Sunday, September 13, 2020

Ecclesiastes 7:1-4 "Funerals are better than Birthdays!"

Some General Observations from Chapter  7

At face value Ch. 7 looks like a disconnected set of Proverbs. But upon closer inspectionr we  see that there  is  a coherent theme.Words are repeatedly used - wisdom and foolishness

The way of the wise and the foolish is contrasted. Wisdom is better than foolishness. There are some  unusual perspectives contained here, and since this chapter contains so many gems, I want to slow down  and use  this chapter to provide us with some ‘home truths’.  


  • 7:1-10 Wisdom and foolishness with particular application to the  matter  of the facing  of our life and  death.
  • 7:14 The   wisdom of maintaining our joy in adversity and prosperity.
  • 7:15-18 That enigmatic text  in v. 16
  • 7:19-29  Living between wisdom and foolishness

 Ecclesiastes 7:1-10

There is  a  theme  running through  the first 10 verses. Here  we find a series of contrasts  in which the phrase  ‘better than ’ is  frequently  used.

(i)                 A good name is better than  precious ointment (v.1a)

(ii)               The day of death is better than  the day of birth (v.1b)

(iii)             The house of mourning is s better than a house of feasting  (v.2)

(iv)              Sorrow is better than  laughter  (v.3)

(v)                A wise man’s rebuke is better than a fool’s song (v.5)

(vi)              The end of a thing is better  than its beginning (v. 8a)

(vii)            Patience is better than pride (v.8b)

(viii)          Former days are not necessarily better than these days  (v.10a)

Solomon confronts us here with some unusual logic. We will focus on the first four verses.

“For who knows what is good for man while he lives the few days of his vain life, which he passes like a shadow?  This statement proceeds from what   Solomon had said earlier  in  6:12. 

What is good? Is there any good? Yes there is, and now Solomon will tell us what is good[1] or what is better (more good). Now remember, that his  great concern is to  show us that  wisdom  is better than foolishness. Be  prepared to have your conventional logic challenged!  I have already drawn your attention to the series  of contrasts  found in the first  10 verses  in terms of what is better. And now, in  verses  1-4 there are two things   mentioned which are good,  or better,  and which require wisdom  and mature reflection.

1.       A good name is better than precious ointment

2.      the day of death (is better) than the day of birth

 1.      A Good Name is better than  Eau de Cologne

Fine perfume was a real status symbol in the ancient east, and very expensive2]. This is also true today. Many spend a fortune on designer perfumes (or designer clothes), but do not necessarily give the same amount of attention  to the developing of a  good name, or  good character.  It is generally considered more important to ‘look good’ than to be ‘be good’.  But what is it that will be remembered and appreciated when we are dead and gone?  The fact  that we regularly used  an expensive perfume? Or is our good name  more significant after all?

At the beginning of our lives we receive a name, but at the end of our lives we are left with the legacy of  a good or a bad name.  In fact, one’s name has the potential of being more valuable at death  than at birth. The good in this case comes therefore at death. How will people remember you?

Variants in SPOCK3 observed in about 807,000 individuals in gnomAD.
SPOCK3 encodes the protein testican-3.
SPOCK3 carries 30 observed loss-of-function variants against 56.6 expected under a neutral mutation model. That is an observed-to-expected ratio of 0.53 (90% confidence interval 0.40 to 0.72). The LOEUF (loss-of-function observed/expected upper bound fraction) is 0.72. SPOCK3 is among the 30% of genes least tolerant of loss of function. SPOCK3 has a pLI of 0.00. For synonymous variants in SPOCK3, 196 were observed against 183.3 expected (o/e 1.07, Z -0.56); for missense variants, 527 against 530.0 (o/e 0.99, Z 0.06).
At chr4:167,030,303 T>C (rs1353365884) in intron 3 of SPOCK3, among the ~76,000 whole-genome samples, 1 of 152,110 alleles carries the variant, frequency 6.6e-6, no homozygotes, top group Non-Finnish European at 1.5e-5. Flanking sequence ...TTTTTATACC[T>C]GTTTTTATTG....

2.      A Death day is better than a Birthday

With that in mind, take note of what follows  in  7:1b- 4

“…the  day of death (is better than)  the day of birth. 

It is better to go to the house of mourning  than to go to the house of  feasting, for this is the end of all mankind, and the living will lay it to heart.  

Sorrow is better than laughter, for by sadness of face the heart is made glad. The heart of the wise is in the house of mourning, but the heart of fools is in the house of mirth.”

“…the day of death (is better) than the day of birth…”. How is this for perspective? When we are born into this world under the sun, filled with so much vanity, and often with so much suffering, we are reminded  that  we enter  into a temporal state of existence.  After we have lived for a little while, perhaps 70 or even 80 years, then comes death.[3]  

How is that better?  This  must be understood with the entire testimony of Scripture in mind. Living life in a fallen world is  very challenging  for  most people. There are very few people in this world who are living their dream, and even if they do,  there is always something guaranteed to upset them.But for  the believer  in Christ, death is not the end. For  them death is the beginning of a better life.  It  is the beginning of  Life and of  real glory  for all eternity!   With this in mind you will also   begin to appreciate and understand what the apostle Paul meant  when he  wrote  to  the  Philippians  in Ch.1:22-23,

If I am to live in the flesh, that means fruitful  labor for me. Yet which I shall choose I cannot tell. I am hard pressed between the two. My desire is to depart and be with Christ, for that is far better.”   

Let us be clear on this. Life in this fallen world  was not meaningless for Paul.  He had no death wish. He had no thoughts of suicide. On the contrary, he  regarded his life as an opportunity for  fruitful labour. However, if he had to choose  where he would rather be, then he  would prefer  to  die, to lay aside this earthly tent and to be clothed with immortality  and live in the presence of the Lord, in heaven and  in eternity!